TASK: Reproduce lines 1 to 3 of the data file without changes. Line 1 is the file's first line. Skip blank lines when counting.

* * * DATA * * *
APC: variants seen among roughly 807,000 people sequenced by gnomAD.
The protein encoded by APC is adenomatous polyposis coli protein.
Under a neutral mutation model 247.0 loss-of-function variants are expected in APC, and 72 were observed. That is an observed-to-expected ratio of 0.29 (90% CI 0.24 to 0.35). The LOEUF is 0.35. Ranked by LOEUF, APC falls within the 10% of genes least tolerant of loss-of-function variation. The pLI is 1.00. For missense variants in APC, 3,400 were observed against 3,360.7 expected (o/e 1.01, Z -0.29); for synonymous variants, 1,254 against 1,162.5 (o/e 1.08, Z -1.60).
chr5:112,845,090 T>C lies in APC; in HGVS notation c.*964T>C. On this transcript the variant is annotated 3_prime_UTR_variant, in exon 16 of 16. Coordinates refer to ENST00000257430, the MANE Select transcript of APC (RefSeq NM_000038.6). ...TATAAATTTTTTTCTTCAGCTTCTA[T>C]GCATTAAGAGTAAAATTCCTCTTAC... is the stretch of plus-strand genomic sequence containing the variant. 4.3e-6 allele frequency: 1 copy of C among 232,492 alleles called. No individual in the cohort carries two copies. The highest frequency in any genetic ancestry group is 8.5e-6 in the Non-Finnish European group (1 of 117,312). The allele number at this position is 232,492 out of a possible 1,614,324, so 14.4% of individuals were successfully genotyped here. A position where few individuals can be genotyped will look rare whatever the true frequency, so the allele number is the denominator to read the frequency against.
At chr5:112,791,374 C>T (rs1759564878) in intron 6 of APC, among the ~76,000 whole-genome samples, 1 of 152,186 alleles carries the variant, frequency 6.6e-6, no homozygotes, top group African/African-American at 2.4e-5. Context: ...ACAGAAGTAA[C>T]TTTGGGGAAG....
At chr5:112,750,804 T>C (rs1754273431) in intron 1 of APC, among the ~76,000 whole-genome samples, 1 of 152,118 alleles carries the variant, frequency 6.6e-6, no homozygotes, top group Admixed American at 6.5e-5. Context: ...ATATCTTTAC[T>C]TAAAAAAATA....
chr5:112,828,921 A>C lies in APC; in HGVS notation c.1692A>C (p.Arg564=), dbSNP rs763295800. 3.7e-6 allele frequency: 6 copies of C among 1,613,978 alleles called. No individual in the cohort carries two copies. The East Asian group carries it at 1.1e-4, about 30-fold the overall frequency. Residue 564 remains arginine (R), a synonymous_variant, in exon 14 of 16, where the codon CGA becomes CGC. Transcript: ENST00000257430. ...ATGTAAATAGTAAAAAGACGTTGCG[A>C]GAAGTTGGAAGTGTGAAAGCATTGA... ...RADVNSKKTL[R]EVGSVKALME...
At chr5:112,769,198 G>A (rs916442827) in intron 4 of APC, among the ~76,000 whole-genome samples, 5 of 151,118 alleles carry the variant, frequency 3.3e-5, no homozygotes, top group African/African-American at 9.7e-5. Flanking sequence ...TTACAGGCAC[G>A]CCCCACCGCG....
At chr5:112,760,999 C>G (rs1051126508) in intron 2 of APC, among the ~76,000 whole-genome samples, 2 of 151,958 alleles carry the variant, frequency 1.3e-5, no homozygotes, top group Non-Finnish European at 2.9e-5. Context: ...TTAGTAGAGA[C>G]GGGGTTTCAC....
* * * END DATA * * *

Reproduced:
APC: variants seen among roughly 807,000 people sequenced by gnomAD.
The protein encoded by APC is adenomatous polyposis coli protein.
Under a neutral mutation model 247.0 loss-of-function variants are expected in APC, and 72 were observed. That is an observed-to-expected ratio of 0.29 (90% CI 0.24 to 0.35). The LOEUF is 0.35. Ranked by LOEUF, APC falls within the 10% of genes least tolerant of loss-of-function variation. The pLI is 1.00. For missense variants in APC, 3,400 were observed against 3,360.7 expected (o/e 1.01, Z -0.29); for synonymous variants, 1,254 against 1,162.5 (o/e 1.08, Z -1.60).